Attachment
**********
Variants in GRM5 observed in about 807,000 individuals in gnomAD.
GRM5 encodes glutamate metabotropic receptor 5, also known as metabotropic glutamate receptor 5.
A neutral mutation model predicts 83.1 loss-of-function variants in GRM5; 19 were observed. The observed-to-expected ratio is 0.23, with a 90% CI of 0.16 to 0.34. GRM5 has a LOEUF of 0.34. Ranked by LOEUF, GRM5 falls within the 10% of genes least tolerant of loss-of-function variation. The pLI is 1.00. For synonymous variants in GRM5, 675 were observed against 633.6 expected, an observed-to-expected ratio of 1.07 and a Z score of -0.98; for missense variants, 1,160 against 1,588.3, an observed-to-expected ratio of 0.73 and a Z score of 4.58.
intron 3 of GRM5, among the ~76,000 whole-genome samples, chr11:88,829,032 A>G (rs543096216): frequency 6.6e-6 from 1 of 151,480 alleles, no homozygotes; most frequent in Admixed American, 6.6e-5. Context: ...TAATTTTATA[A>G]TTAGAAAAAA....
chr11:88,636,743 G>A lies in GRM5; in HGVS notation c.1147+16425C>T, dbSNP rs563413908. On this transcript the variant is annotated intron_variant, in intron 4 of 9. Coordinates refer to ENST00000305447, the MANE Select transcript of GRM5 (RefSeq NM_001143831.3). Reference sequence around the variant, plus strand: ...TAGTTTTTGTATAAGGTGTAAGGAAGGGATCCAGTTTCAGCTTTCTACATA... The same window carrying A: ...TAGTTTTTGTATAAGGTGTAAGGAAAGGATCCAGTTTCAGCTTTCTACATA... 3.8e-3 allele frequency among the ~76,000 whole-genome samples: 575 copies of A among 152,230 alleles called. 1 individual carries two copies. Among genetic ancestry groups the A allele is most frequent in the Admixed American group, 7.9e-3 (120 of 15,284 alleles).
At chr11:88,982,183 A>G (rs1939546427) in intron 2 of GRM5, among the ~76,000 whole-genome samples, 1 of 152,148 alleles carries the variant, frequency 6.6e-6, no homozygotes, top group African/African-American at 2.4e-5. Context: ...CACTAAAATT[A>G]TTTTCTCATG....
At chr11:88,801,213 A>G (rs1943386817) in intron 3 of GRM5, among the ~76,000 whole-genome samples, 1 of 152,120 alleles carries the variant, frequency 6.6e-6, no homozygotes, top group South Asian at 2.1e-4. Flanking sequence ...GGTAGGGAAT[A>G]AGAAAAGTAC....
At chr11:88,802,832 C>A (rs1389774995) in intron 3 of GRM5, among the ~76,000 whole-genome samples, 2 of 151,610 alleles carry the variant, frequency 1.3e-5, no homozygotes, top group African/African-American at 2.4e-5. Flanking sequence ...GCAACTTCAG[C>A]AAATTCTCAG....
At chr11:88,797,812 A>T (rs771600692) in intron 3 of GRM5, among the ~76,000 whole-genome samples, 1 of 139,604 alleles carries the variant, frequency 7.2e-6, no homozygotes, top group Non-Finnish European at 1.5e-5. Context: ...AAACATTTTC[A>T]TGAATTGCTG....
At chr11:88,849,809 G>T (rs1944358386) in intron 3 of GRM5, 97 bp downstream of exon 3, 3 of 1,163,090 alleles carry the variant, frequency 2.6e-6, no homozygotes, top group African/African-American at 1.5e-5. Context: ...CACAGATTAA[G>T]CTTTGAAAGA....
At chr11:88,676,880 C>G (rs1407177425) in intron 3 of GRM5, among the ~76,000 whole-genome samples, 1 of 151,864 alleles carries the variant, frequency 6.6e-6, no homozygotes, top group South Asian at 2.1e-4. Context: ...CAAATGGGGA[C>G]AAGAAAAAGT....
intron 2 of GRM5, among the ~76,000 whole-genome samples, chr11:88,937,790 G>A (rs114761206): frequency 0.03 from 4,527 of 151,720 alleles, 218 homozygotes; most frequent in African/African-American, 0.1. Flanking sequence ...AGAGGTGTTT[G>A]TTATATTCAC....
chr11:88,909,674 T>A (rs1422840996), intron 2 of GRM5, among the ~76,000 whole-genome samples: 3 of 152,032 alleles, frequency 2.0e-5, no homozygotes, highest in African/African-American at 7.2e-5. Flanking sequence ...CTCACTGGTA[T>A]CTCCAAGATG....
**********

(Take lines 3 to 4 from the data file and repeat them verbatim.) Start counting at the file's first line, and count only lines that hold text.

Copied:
A neutral mutation model predicts 83.1 loss-of-function variants in GRM5; 19 were observed. The observed-to-expected ratio is 0.23, with a 90% CI of 0.16 to 0.34. GRM5 has a LOEUF of 0.34. Ranked by LOEUF, GRM5 falls within the 10% of genes least tolerant of loss-of-function variation. The pLI is 1.00. For synonymous variants in GRM5, 675 were observed against 633.6 expected, an observed-to-expected ratio of 1.07 and a Z score of -0.98; for missense variants, 1,160 against 1,588.3, an observed-to-expected ratio of 0.73 and a Z score of 4.58.
intron 3 of GRM5, among the ~76,000 whole-genome samples, chr11:88,829,032 A>G (rs543096216): frequency 6.6e-6 from 1 of 151,480 alleles, no homozygotes; most frequent in Admixed American, 6.6e-5. Context: ...TAATTTTATA[A>G]TTAGAAAAAA....